There are three key questions to ask before you begin psychometric or behavioural testing
- Why are we testing? What are our intended outcomes and how well do various tests support these outcomes? How simple will it be to apply findings?
- What does the test claim to measure? (Some widely-used tests conflate behaviour and personality, for example.)
- Where’s the research? What kind of theoretical basis is there? Do the tenets align with our organisational values? Where are the findings to support the hypotheses?
If you know your intended outcomes, you're likely to choose more wisely and gain your ROI.
Self-reporting: not the 'safe option'
Some people are wary of 'psychometric' tests. They fear being pigeon-holed or that the results will reflect negatively on them.
Lots of organisations try to overcome these objections by using self-reported tests. A self-reported test is one which relies entirely on someone's own view of their behaviours or personality. The idea is perhaps that people are unlikely to disagree (or be offended) if results are derived from their own inputs.
But using self-reporting isn’t the 'safe option' – the end result can be damaging.
The findings reflect the individual back at themselves through their own lens – and this lens may be distorted.
Opportunities for learning and growth are limited by the individual's self-awareness.
The test becomes a tick-box exercise and employees don't buy in to the process.
Meanwhile, all the issues bubbling away under the surface are never addressed, because each person in the team just carries on in their own echo chamber.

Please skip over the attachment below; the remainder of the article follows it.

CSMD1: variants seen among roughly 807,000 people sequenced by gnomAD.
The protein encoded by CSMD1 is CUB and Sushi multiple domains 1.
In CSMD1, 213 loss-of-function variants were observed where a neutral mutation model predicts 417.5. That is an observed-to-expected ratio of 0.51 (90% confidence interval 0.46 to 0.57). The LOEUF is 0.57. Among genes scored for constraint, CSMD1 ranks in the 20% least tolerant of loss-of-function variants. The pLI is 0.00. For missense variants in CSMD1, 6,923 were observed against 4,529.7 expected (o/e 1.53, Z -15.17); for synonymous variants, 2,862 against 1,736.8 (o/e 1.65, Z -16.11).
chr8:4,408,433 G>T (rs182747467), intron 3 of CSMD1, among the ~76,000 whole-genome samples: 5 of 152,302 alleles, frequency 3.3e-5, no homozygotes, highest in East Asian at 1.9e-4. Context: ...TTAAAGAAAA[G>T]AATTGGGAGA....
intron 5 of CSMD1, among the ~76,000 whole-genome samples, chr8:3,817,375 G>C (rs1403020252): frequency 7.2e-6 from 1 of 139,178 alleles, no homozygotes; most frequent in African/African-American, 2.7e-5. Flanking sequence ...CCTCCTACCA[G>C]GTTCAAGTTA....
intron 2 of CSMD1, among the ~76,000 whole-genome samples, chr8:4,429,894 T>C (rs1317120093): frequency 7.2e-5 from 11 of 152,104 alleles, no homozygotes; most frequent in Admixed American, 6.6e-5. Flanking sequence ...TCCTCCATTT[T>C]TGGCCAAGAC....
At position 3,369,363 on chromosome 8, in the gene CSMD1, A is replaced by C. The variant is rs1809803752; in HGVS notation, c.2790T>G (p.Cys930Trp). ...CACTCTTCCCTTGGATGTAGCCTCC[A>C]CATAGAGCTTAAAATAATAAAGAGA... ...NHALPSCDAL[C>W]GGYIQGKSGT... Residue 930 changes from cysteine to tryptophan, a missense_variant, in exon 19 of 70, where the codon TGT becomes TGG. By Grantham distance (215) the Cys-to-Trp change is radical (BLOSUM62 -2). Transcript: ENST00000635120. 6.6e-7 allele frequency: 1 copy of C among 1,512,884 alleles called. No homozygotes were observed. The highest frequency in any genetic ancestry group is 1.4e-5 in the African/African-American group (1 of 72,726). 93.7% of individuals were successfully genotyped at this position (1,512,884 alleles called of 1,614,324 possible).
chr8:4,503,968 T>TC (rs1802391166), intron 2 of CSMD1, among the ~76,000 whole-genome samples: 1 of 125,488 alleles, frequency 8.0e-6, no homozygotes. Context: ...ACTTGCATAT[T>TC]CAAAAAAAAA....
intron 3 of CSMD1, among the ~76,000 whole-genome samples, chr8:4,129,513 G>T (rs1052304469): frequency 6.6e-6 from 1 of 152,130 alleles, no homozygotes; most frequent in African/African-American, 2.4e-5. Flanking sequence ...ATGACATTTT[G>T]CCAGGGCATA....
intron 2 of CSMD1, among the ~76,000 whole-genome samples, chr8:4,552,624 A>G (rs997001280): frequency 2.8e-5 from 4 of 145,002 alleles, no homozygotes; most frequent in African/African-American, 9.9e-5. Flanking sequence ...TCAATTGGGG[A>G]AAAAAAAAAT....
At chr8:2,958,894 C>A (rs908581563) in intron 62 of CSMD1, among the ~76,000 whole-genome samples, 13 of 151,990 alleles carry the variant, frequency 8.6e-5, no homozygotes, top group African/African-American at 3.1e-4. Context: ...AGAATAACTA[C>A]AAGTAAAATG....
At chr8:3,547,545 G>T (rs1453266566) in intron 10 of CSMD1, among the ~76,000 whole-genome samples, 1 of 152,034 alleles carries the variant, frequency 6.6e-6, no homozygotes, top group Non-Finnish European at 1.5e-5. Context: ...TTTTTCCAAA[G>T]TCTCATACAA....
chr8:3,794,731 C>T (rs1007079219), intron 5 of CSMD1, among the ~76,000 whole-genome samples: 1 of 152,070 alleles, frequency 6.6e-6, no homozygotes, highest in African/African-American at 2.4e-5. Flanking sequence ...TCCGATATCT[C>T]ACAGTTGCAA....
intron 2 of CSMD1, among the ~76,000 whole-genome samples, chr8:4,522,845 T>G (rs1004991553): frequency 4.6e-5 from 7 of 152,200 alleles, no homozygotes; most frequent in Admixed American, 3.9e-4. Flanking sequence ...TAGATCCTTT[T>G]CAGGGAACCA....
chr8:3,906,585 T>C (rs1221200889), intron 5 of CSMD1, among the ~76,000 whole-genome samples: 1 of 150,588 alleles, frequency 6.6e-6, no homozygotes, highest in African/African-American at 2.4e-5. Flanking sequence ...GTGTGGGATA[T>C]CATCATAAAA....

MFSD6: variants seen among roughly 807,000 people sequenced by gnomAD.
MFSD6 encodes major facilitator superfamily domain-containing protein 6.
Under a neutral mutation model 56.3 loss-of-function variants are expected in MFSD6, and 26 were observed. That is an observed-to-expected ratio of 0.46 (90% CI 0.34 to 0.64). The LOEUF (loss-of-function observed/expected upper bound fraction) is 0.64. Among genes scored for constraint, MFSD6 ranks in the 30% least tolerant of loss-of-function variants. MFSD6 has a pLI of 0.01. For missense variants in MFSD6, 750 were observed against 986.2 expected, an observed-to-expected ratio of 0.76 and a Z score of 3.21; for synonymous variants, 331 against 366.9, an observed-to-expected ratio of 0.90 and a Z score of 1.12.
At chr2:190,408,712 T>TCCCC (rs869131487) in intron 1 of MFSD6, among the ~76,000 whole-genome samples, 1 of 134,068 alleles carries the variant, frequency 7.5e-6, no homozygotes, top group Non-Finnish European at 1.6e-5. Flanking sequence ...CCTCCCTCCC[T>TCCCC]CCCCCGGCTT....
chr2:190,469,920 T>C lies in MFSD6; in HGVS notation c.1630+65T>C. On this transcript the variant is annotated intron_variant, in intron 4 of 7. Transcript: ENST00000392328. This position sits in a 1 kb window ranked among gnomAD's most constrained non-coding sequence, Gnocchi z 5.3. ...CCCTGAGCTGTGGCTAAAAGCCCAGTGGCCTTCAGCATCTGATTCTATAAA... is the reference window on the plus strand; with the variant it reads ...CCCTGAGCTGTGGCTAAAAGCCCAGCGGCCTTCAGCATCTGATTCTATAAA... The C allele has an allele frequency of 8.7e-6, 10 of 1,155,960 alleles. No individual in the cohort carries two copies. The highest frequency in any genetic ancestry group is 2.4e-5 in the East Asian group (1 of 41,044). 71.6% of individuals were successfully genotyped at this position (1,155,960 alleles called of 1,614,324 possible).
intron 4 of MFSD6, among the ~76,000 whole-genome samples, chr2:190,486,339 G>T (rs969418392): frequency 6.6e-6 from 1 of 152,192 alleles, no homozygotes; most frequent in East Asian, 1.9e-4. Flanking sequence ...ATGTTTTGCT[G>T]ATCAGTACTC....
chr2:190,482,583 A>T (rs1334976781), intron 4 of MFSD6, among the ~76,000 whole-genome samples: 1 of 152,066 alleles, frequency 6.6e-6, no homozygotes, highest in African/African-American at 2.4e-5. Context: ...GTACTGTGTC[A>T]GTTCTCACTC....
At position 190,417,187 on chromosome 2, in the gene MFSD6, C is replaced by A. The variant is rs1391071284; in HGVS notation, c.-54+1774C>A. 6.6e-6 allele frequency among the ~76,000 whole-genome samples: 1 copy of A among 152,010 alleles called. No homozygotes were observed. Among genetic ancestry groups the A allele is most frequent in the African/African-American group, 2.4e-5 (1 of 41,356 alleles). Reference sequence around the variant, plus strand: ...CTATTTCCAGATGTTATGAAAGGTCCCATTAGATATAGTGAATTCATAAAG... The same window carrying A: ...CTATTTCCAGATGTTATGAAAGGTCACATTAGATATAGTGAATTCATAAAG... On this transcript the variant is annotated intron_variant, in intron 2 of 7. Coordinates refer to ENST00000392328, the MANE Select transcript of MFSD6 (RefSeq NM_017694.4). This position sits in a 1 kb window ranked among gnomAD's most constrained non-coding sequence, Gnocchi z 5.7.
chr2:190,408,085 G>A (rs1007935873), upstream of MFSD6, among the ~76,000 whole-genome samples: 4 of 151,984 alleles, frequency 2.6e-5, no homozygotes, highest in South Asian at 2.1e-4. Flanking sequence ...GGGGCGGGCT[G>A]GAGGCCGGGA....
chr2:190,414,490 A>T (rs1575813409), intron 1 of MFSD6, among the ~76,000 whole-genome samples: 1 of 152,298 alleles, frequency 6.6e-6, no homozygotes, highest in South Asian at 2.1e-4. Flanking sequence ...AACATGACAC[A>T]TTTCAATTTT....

Meredith Belbin said just this, back in 1993:
"These tests and inventories rely on self-reporting. Most participants respond favourably to the outputs they receive, declaring them to be true, a comment that can scarcely be surprising since it is their own inputs that have been processed and fed back to them. Self-awareness and knowledge are at risk, then, of becoming a closed system into which the perceptions of the external world fail to break. Yet the practice of industry means that when decisions have to be reached about people, in terms of promotion or transfer to other work or, indeed, on any matter of importance, it is the perception of others that forms the basis of decision-making."
Meredith Belbin, Team Roles at Work, 1993
Interrelate, aggregate, analyse
For real change with real-world outcomes, you need interactive results. Rather than identifying personality traits which categorise individuals, you need feedback within teams and across hierarchical levels in the organisation, to open up the discussions that get people thinking and promote change.
Behaviour is external, observable and grounded in real-world examples. Measuring behaviour is how you add value. It's key to transforming individual development and helping people work more effectively together.
Whilst innate personality traits can feel 'too close to home', analysing behaviour (as observed by others) offers a practical, democratic, evidence-based measurement which shows an individual their impact upon a team, without letting things 'get personal'.
Here, you can tell the individual, is the impression they’re creating.
Here are the strengths others see – did they know?
Here is what could be holding them back from promotion or recognition, and here’s how to handle it.
Here are some reasons why they find it easier to get along with one person, but work more productively with another.
Here is where the team’s culture is taking it and why.
Can you afford for your people to miss out on that kind of insight?
At Belbin, we believe that measuring behaviour is crucial and that feedback from others is needed to take that behavioural 'pulse'.